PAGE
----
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Discussion Starter · #1 ·
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Inspired by others on the regular Scout thread, I finally got round to making and fitting a mudflap today. I made a template from paper, and used that to cut the shape from a sheet of neoprene rubber. I was amazed at how easily the front fender came off with just four bolts - much easier than the rear fender because there are no electrics attached. I used double-sided tape to stick the mudflap on, and covered the exposed edge with single-sided tape. If it doesn't hold, at least I know it will be easy to remove the fender to bolt it on; but early indications are good. The tape is so fierce it's hard to get it straight - I'm embarrassed by how bad that looks in the photos, but fitted to the bike it looks fine. You can see from the photos how much that radiator is in need of this protection. I've also bought a sheet of perforated aluminium with a view to fashioning and attaching a radiator guard, but that's for another day.
 

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Discussion Starter · #4 ·
where did you get your neoprene rubber from Graham, and how did you get it to take on the creases to match the mudguard so well?
I purchased the neoprene sheet from Amazon to cut off strips to wrap around the rack to stop the Givi mounting plate from scratching it; I used the left-over for the mud flap: Neoprene Rubber Sheet 200mm x 200mm 2mm Thick: Amazon.co.uk: DIY & Tools
I was careful to press the double-sided tape into the creases of the mudguard before removing the backing tape, and then worked the mudflap onto that little by little, starting from the middle and working outwards (I used small post-it-note strips to mark the middle of the flap and the middle of the guard). Working little by little and pressing it into the mudguard is what made it so difficult to keep it straight, but it looks fine on the bike. The neoprene rubber is very pliable and easy to work with; it naturally took the shape of the mudguard. I had 2" double-sided tape, so 2" of the flap is inside the mudguard, with 2½" protruding as the mudflap itself; as a result, a lot of the flap is pressed to the shape of the mudguard, so the protruding part holds its shape well.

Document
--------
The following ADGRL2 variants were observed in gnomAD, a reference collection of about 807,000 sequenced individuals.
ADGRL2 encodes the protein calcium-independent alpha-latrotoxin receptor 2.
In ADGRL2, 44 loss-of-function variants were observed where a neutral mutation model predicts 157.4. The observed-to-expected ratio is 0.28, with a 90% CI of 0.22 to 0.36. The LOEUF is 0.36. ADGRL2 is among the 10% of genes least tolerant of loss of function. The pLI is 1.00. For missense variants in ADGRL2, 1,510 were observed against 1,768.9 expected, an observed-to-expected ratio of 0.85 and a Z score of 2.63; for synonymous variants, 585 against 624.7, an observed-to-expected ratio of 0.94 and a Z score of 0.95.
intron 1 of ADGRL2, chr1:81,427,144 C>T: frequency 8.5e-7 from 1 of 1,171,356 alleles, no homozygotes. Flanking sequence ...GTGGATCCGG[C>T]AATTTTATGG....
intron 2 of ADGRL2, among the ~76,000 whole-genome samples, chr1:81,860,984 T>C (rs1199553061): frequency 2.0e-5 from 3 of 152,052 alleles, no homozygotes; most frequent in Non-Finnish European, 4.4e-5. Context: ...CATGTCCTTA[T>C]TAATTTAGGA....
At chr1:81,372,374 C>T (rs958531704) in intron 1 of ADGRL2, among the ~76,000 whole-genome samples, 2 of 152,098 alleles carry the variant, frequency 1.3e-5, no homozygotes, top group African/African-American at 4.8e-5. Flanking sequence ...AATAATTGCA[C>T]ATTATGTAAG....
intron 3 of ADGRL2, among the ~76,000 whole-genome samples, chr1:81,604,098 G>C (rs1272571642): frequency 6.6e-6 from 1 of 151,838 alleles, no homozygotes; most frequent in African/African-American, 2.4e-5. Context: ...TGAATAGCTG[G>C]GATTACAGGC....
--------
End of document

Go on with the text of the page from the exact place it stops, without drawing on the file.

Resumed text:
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Discussion Starter · #5 ·
Motor vehicle Auto part Vehicle Automotive exterior Bumper

I fitted the rad guard soon after fitting the mud-flap. I've since done about 1,000 miles and, as you can see after a 160 mile run on messy roads yesterday, although there is still some spray reaching the plastic surround, the rad guard is staying clean and no stones are getting lodged at all. Before fitting the mud-flap there were stones getting lodged between the plastic horizontal bars and the radiator every few miles and damaging the radiator. So, although I plan to keep the rad guard on to protect against any stray stones, even just having the mud-flap seems to be all that's really needed most of the time.
 

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Good job Graham, I did this as well when I first got the bike, it is essential to save the radiator, it cops the rocks so bad.
Hope you dont mind if I post a link to what I did in this area Graham, just to give other people an idea of what we are doing.
What I did,
Bike and some simple mods Photos..
 

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Discussion Starter · #10 ·
Good job Graham, I did this as well when I first got the bike, it is essential to save the radiator, it cops the rocks so bad.
Hope you dont mind if I post a link to what I did in this area Graham, just to give other people an idea of what we are doing.
What I did,
Bike and some simple mods Photos..
I'm glad you posted the link. The more examples people see the more they can work out what they want to do themselves.
 
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